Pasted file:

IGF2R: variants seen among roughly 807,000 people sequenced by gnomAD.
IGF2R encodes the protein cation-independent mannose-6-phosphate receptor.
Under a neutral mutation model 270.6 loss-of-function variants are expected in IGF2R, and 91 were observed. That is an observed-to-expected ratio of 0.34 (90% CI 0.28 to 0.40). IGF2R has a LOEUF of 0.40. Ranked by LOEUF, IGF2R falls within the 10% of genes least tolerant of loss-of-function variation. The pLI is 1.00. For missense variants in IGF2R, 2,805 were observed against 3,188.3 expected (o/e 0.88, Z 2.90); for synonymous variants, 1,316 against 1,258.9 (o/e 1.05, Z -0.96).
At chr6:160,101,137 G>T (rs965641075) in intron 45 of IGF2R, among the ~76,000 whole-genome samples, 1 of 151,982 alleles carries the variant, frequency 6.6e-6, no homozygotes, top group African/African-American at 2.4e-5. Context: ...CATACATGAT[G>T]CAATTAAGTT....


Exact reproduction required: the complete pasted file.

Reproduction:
IGF2R: variants seen among roughly 807,000 people sequenced by gnomAD.
IGF2R encodes the protein cation-independent mannose-6-phosphate receptor.
Under a neutral mutation model 270.6 loss-of-function variants are expected in IGF2R, and 91 were observed. That is an observed-to-expected ratio of 0.34 (90% CI 0.28 to 0.40). IGF2R has a LOEUF of 0.40. Ranked by LOEUF, IGF2R falls within the 10% of genes least tolerant of loss-of-function variation. The pLI is 1.00. For missense variants in IGF2R, 2,805 were observed against 3,188.3 expected (o/e 0.88, Z 2.90); for synonymous variants, 1,316 against 1,258.9 (o/e 1.05, Z -0.96).
At chr6:160,101,137 G>T (rs965641075) in intron 45 of IGF2R, among the ~76,000 whole-genome samples, 1 of 151,982 alleles carries the variant, frequency 6.6e-6, no homozygotes, top group African/African-American at 2.4e-5. Context: ...CATACATGAT[G>T]CAATTAAGTT....